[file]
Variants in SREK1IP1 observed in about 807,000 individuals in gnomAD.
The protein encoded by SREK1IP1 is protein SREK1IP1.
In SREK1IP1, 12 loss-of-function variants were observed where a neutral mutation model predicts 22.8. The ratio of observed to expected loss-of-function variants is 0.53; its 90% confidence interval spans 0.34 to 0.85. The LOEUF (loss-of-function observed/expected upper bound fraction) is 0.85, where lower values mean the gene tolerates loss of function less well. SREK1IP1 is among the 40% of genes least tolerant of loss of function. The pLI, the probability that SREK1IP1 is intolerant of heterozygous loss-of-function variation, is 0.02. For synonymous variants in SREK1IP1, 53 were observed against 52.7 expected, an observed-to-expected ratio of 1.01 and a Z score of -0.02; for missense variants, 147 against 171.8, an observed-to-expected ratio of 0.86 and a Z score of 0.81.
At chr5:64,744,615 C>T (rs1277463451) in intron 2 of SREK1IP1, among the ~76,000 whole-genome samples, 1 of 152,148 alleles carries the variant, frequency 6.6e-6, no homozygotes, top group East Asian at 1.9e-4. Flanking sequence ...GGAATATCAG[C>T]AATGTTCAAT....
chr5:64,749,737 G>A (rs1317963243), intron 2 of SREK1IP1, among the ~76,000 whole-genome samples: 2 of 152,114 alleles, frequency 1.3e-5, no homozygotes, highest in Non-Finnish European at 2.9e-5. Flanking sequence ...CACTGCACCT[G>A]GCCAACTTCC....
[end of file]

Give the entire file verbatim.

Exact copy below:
Variants in SREK1IP1 observed in about 807,000 individuals in gnomAD.
The protein encoded by SREK1IP1 is protein SREK1IP1.
In SREK1IP1, 12 loss-of-function variants were observed where a neutral mutation model predicts 22.8. The ratio of observed to expected loss-of-function variants is 0.53; its 90% confidence interval spans 0.34 to 0.85. The LOEUF (loss-of-function observed/expected upper bound fraction) is 0.85, where lower values mean the gene tolerates loss of function less well. SREK1IP1 is among the 40% of genes least tolerant of loss of function. The pLI, the probability that SREK1IP1 is intolerant of heterozygous loss-of-function variation, is 0.02. For synonymous variants in SREK1IP1, 53 were observed against 52.7 expected, an observed-to-expected ratio of 1.01 and a Z score of -0.02; for missense variants, 147 against 171.8, an observed-to-expected ratio of 0.86 and a Z score of 0.81.
At chr5:64,744,615 C>T (rs1277463451) in intron 2 of SREK1IP1, among the ~76,000 whole-genome samples, 1 of 152,148 alleles carries the variant, frequency 6.6e-6, no homozygotes, top group East Asian at 1.9e-4. Flanking sequence ...GGAATATCAG[C>T]AATGTTCAAT....
chr5:64,749,737 G>A (rs1317963243), intron 2 of SREK1IP1, among the ~76,000 whole-genome samples: 2 of 152,114 alleles, frequency 1.3e-5, no homozygotes, highest in Non-Finnish European at 2.9e-5. Flanking sequence ...CACTGCACCT[G>A]GCCAACTTCC....